Asemic-Pansemic [M.G.] +plus+ Why we continue using the term asemic writing, even though there is no such thing [J.L.]


Leftwich/Giovenale, collab piece, 2007



Jim leftwich is definitely right in saying there's no actually perfect 'asemic' thing or sign, since everything conveys some meaning, everything may find its way to ––at least–– an inner 'emotional' (scribble of) meaning.

He speaks of "pansemia" (from the Greek prefix "pan-" = all), and in doing so he just suggests that everything emits/expresses (or is an echo of) some semantically rich sign, always provided with almost a shadow of meaning; so everything makes sense, and a bunch of meaningful directions may always be attached to the invisible arrows uprising from any of the written traces we imagine and conceive and make or find.

That said, it seems to me that a 'proper' (?) asemic area can be seen in the zone of the mind opaquely linking our expectations for a known written linguistic message and content to an actually unknown shape of glyph.

A whole text or drawing appears in front of us as an asemic 'thing', indecipherable to the intellect that does not recognize the language; but at the same time it may be meaningful (and, yes, beautiful) to the ...taste, perception... soliciting some sort of empathy.

I not only think of the written walls of our cities, nor the practice of asemic writing in itself alone. I'd also like to refer to the mere visible... lines among things. The borders and boundaries of blocks and knots of streets as seen from a satellite eye. Or to the written code of rain in a pool of wet cement. Or to casual traces of animals (and men) in caves. Etc.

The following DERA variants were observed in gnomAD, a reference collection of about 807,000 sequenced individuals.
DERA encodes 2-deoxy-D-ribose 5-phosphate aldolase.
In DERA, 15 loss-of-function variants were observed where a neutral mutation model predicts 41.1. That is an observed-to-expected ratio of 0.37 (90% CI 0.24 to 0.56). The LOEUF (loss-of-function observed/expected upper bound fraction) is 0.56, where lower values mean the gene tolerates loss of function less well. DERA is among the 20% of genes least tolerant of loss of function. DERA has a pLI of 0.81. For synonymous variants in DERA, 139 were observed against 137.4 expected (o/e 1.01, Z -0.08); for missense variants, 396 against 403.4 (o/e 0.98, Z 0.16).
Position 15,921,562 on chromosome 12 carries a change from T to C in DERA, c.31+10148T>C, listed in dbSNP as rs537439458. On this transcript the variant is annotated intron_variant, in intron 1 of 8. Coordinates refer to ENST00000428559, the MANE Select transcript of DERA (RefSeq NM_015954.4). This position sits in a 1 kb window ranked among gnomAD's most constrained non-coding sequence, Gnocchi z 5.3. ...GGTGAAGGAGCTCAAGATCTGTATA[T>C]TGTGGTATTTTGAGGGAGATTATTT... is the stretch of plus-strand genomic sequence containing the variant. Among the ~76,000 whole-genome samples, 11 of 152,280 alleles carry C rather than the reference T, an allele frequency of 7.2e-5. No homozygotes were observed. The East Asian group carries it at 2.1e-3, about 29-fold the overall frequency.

As soon as we ––in looking at them–– think to superimpose the shapes of some possible written language, we abruptly discover anything may actually be code, message, and at the same time it isn't. We dwell in uncertainty. It defies any attempt we try to put in practice in order to understand, decipher. But, in doing so, it makes some other opaque meaning arise. Kind of cloud of possibilities. A haze of “make sense” hovering everywhere and around the specific written layer we're facing.

Marco Giovenale

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Why we continue using the term asemic writing, even though there is no such thing:

i think all human experience has semantic content.
that's why i think asemic writing is a kind of aspirational writing.
we aspire to create an asemic writing, a writing without semantic content.
and we fail.
so we try again, and fail again.
if we genuinely care about the practice, we repeat this process over and over, for a long time.
eventually, we lose all hope of achieving our goal.
we lose faith in the goal.
we no longer believe in our ability to create an asemic writing.
so we decide upon an alternative goal.
we decide the process has never been about the product, the object, the poem. it has always been only about the process.
it has always been about the process of training the mind, perhaps of quieting the mind (to borrow a phrase from John Cage).
it is a writing against itself, and more than that, a writing against the self.
that is how it can be compared to a spiritual discipline, like zazen or hesychasm, or zerufe otiot.
that is why standards of aesthetic quality are worse than irrelevant to the process.
and, that is also why a hierarchy of practitioners is worse than irrelevant in this context.

Jim Leftwich

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  • Karl Kempton

    why not simply use 'abstract text'???

  • Marco Giovenale

    I like "abstract text". Why not!